The Brown Tree Snake (Boiga irregularis) has caused ecological and economic damage to Guam, and the snake has the potential to colonize other islands in the Pacific Ocean. This study quantifies the potential economic damage if the snake were translocated, established in the state of Hawai‘i, and causing damage at levels similar to those on Guam. Damages modeled included costs of medical treatments due to snakebites, snake-caused power outages, and decreased tourism resulting from effects of the snake. Damage caused by presence of the Brown Tree Snake on Guam was used as a guide to estimate potential economic damage to Hawai‘i from both medical- and power outage–related damage. To predict tourism impact, a survey was administered to Hawaiian tourists that identified tourist responses to potential effects of the Brown Tree Snake. These results were then used in an input-output model to predict damage to the state economy. Summing these damages resulted in an estimated total potential annual damage to Hawai‘i of between $593 million and $2.14 billion. This economic analysis provides a range of potential damages that policy makers can use in evaluation of future prevention and control programs.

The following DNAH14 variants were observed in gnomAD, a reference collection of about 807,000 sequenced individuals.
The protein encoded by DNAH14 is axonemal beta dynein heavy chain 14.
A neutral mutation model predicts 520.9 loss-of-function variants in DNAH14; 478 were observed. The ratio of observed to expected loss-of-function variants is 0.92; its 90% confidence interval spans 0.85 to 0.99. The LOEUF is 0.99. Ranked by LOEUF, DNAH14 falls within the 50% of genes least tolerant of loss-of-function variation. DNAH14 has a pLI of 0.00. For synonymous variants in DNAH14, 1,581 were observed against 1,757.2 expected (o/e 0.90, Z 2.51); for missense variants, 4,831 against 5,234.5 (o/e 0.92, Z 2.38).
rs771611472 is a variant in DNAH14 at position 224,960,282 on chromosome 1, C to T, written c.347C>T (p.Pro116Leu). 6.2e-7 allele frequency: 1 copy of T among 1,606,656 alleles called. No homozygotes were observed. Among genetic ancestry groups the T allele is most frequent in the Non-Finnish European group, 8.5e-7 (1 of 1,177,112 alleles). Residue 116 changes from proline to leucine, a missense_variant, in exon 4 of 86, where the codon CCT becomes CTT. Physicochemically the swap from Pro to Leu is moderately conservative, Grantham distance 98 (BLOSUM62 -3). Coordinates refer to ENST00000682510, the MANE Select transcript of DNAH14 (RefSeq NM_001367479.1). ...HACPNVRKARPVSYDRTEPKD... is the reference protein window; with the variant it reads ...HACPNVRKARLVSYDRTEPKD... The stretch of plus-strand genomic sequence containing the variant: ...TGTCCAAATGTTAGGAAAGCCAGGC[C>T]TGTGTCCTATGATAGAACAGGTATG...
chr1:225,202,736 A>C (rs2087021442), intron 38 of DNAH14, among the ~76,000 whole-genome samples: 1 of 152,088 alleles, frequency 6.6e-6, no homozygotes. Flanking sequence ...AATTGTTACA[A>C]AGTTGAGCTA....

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pp. 1-10
Launched on MUSE
Open Access
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